Knowing how to share your faith often makes the difference between effective and ineffective witnessing. Before you can introduce others to Christ, you must:
- Know that you are a Christian yourself.
- Understand the empowering ministry of the Holy Spirit in your life personally.
- Learn how to present the distilled essence of the gospel so simply, clearly, and convincingly that the one with whom you are sharing will be able to make an intelligent decision for Christ as Savior and Lord.
In this lesson we will observe Christ’s example in witnessing. Jesus demonstrated how to witness in the most effective manner as He talked to the woman of Samaria. Study John 4 carefully to discover new approaches and techniques of witnessing.
Example of Jesus
- Read John 4:1-42. What everyday experience did Jesus use as an opportunity for witnessing?
- What do you think is the advantage of beginning to conversation on the level of a person’s immediate interest? Think of an occasion in which you used a person’s special interest to share Christ with him. How did he respond?
- List some of your natural opportunities to witness for Christ.
- Why do you suppose Jesus sent all twelve of his disciples to buy provisions when two of them could have done it?
- Who spoke first, Jesus or the woman of Samaria? Why is this significant when considering how to witness?
- What did Jesus do repeatedly when the woman tried to divert His attention from her sin and her need?
Responses of the Samaritan Woman
- How effective was the approach Jesus used in witnessing to this woman of Samaria?
- What was the result of His witness?
- How did the people to whom she witnessed respond, and why?
Sometimes witnessing can seem like breaking a sound barrier, like when an airplane accelerates to supersonic speed. Introducing the subject of Jesus can produce much stress and nervousness.
The first sound barrier occurs when we first mention the name of Jesus Christ and the value of knowing Him. Once we turn the conversation from dating, fashions, politics, work, sports, or any other topic to spiritual things, we have broken the first barrier. It is sometimes hard to do, and it does not always come easily.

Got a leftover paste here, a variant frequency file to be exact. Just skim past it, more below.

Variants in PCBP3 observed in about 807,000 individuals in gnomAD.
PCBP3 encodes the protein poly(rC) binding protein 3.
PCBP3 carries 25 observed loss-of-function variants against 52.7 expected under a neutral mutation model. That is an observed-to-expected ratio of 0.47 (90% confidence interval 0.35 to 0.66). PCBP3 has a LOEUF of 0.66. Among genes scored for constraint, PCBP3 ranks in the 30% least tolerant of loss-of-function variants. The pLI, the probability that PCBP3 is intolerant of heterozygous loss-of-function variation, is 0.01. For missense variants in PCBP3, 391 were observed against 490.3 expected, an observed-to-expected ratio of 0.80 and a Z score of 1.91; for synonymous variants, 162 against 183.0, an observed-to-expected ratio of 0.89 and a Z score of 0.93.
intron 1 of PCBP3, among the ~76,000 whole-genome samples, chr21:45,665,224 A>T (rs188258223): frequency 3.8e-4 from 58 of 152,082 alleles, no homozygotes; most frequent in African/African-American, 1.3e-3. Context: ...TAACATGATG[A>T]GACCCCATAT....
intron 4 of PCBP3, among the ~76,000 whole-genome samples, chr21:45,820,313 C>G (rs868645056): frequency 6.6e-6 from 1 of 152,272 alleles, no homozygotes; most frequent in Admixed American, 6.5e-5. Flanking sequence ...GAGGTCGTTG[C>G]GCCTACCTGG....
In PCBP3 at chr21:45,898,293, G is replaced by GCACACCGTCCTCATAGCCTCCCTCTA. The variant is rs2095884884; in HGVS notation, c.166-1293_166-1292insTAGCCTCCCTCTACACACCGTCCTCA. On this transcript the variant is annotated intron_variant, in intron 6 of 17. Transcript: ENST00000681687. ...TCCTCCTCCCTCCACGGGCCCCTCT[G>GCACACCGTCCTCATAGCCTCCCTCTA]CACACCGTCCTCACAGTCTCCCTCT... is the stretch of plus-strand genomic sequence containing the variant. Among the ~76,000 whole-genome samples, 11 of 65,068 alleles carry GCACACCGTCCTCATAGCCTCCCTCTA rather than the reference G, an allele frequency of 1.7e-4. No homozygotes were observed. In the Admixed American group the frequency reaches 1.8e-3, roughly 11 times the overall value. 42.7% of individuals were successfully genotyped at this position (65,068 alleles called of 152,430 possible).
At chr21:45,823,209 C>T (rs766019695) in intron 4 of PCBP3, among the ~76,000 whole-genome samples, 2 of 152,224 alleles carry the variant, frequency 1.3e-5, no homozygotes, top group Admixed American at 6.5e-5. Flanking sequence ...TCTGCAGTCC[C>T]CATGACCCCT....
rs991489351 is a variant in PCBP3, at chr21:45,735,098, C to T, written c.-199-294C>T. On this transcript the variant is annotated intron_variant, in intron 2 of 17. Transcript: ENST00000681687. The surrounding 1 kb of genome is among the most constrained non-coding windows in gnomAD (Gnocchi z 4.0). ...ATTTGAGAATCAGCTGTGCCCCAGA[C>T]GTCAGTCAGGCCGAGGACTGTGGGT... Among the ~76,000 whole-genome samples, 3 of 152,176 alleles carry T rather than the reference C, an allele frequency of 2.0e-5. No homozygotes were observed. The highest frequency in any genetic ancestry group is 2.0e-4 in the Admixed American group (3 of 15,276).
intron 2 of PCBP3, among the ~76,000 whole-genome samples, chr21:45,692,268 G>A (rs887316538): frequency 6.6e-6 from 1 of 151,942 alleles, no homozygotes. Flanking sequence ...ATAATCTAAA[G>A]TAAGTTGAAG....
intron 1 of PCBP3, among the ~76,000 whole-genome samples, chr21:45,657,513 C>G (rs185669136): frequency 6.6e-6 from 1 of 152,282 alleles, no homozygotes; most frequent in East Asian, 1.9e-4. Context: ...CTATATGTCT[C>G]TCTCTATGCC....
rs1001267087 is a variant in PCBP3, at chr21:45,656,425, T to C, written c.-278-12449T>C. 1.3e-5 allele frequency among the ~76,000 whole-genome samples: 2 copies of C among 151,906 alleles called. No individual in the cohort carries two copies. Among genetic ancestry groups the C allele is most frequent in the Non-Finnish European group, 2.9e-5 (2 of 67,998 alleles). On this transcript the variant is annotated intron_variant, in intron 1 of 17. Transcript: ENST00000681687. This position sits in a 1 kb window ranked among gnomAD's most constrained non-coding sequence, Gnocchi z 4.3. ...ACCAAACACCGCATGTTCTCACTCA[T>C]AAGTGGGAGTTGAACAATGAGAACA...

The second sound barrier comes when we present the gospel. That nervous feeling returns once again. We must blast through this one also because many people, when they understand who Jesus Christ is and what He has done for them, will want Him in their lives.
The last barrier, asking the person to receive Christ right now, is the most difficult. But this is the most important step. Often we tell the person how to become a Christian and then just leave him high and dry. Until we ask the person to trust Christ as his or her Savior and Lord, our witness is not complete.
- Think of the last time you encountered the first barrier to witnessing. How did you begin your conversation about Christ? How could you have handled it better?
- How did the person respond when you asked him to receive Christ? If the person did not receive Christ, how could you have been more effective in your approach?
- What is the one thing you have learned from Christ’s example that you can apply most in your own witnessing?
- What do you think hinders your witnessing most? List some practical ways you can overcome it.
Qualifications for Witnessing
Step 7: Witnessing